Johnny Coleman

Thaxton Mayor Johnny Coleman (in vehicle) and his grandson, Jarrod enjoy the dedication ceremony for the monument in their community.

One of the neatest things about being a county reporter is you get to know everyone in all the corners of Pontotoc County. 

Last Saturday I was given the treat of going to Thaxton to the dedication of the veteran’s monument that the community has put up to honor and memorialize those who have fought for the defense of our country.

Now I am no stranger to Thaxton, my Uncle Lynn lived there and we often visited when I was a teenager’s I was elated to get to go back to a part of the county that holds a special place in my heart.

Off to one side in his van watching all the day’s activities was Thaxton’s mayor Johnny Coleman. “Hi fella,” I heard Jeff Gooch say as he shook Mr. Johnny’s hand.  My heart was warmed I saw all these men and women making their way to him to shake his hand and talk to Mr. Johnny, who is a veteran himself, but was unable to walk. All I heard for the kind man were encouraging words from those who know and love him. His sweet wife Martha Jo and grandson, Jarrod were close by to beam at him and enjoy the day with him as well.

God was gracious and held the rain so that the folks gathered under white clouded blue skies to dedicate the memorial which was a long time in coming. Mr. Gene Stepp pushed the effort for years, showing that some 15 years of persistence can make a difference.

The ball park sits on land that was donated by James Reece Carnes way back in 1974 with the stipulation that the land be dedicated to those who served our country. Mr. Danny Russell gave a fitting tribute to the man who so longed for children to understand that their freedoms today came at a great price.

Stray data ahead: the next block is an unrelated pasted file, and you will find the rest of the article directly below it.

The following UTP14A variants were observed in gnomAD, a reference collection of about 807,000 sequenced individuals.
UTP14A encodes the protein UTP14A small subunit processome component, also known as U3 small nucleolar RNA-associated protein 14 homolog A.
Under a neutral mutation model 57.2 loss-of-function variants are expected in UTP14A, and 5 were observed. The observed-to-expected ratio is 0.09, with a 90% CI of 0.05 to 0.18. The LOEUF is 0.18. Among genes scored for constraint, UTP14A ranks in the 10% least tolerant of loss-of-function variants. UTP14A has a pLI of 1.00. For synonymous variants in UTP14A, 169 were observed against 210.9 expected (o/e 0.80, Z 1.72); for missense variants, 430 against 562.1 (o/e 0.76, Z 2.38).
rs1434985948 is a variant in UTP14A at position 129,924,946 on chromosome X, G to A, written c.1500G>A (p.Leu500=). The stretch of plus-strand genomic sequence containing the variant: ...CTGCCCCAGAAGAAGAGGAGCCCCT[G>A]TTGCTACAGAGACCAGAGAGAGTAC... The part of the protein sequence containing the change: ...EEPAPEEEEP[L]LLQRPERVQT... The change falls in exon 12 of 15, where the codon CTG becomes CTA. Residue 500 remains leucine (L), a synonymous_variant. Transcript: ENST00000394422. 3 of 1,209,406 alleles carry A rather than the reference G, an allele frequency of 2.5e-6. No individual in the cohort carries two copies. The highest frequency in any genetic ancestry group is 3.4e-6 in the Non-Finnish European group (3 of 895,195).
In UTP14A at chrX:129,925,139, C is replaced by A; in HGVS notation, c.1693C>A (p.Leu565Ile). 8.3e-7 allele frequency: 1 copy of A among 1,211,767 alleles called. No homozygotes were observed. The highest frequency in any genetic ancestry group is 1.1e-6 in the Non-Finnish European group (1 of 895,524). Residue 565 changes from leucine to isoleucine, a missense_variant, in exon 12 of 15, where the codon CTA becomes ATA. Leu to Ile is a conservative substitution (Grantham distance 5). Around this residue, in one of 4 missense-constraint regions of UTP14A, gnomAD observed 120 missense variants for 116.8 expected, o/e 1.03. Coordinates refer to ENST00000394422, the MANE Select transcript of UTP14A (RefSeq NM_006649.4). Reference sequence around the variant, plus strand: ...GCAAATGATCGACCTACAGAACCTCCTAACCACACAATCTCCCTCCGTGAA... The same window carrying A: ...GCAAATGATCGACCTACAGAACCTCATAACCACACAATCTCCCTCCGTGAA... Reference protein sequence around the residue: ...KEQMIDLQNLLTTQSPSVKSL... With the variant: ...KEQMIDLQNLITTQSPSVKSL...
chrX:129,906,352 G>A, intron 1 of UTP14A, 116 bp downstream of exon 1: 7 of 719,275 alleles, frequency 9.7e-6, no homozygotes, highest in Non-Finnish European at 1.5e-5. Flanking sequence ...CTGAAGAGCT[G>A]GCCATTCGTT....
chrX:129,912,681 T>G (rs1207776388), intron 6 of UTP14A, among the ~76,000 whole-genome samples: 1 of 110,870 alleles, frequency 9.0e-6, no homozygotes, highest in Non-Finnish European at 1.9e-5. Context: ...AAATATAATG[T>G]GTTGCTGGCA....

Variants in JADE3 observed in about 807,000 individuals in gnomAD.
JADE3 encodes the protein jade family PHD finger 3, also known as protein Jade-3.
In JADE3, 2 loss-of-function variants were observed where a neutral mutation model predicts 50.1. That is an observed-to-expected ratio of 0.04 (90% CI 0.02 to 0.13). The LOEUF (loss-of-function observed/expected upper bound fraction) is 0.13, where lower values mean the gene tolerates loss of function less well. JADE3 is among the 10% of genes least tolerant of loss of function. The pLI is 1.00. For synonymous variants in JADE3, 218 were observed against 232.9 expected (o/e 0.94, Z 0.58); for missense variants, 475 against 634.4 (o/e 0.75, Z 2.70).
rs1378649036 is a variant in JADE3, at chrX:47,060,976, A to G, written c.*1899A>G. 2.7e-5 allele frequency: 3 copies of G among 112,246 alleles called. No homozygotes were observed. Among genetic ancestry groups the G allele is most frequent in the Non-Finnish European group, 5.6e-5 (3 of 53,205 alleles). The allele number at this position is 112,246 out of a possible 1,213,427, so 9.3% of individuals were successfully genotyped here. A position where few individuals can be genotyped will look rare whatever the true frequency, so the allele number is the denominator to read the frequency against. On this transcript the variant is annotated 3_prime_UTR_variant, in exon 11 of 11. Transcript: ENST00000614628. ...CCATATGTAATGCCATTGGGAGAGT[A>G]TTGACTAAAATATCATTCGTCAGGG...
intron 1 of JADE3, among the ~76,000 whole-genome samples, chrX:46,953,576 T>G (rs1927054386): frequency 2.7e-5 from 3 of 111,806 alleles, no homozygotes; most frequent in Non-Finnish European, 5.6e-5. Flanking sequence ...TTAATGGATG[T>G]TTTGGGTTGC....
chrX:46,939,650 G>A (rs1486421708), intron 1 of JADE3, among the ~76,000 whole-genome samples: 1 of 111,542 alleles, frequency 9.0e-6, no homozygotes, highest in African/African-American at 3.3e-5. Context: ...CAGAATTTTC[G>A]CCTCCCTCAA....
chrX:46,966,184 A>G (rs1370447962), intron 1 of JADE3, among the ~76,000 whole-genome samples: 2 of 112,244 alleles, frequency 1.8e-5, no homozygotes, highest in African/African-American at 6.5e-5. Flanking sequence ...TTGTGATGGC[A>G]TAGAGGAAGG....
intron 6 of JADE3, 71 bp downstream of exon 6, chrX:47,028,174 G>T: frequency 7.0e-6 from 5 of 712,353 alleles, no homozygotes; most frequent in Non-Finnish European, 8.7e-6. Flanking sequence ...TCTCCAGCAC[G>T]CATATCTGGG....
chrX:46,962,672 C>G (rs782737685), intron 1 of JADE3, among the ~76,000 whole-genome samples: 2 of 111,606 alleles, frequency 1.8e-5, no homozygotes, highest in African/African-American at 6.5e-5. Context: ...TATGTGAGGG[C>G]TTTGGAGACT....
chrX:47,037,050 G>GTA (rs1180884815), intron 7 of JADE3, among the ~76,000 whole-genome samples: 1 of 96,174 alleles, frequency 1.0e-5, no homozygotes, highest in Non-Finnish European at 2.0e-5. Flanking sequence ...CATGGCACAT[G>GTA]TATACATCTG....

Mr. Lee Sewell spoke of the first feelings a soldier gets is “home sickness. You never get away from the desire to get back to home,” said the Vietnam War veteran. “This [Thaxton] is a great place to live.”

With the dedication of the monument and the raising of the flags on three poles, the pledge to America and the National Anthem, Gary Leach and his singing group brought tears to folks eyes by singing a song written by Bobby Bare back in 1969 called God Bless America Again. Part of the lyrics said, “God bless America again/You see all the troubles that she’s in/Wash her pretty face, dry her eyes and then/God bless America again.” You would have thought he wrote that song yesterday.

For me, one of the highlights of the day in addition to being in the company of so many who fought for our freedom was the young people who played the Assembly and then the taps. Ella Kate Nichols and Kyle Knix did a superb job on the trumpets.

After the official program I asked all of the veterans to go to the monument for a picture. It was great to see all the cell phones being whipped out to take pictures of this historic event as well.

Afterward I saw my aunt Johnnie’s sister, Hallie Allen helping one of the gentlemen out. She smiled broadly at me, “This is Kenneth,” she said. And I knew she meant her brother Kenneth Warren. I threw my arms around him and asked him if he knew who I was. He allowed as to how he didn’t and I explained that I was his other sister’s niece who was married to my mama’s brother, the late Lynn Sanders. When he caught the family connection his eyes lit up and he smiled broadly.

A bit later I enjoyed some lemonade and cake under the pavilion while those dear fellas helped me identify all the people in the picture I took for the front page. There was no better way to spend some of my Saturday, and I thank all those folks for their hospitality.

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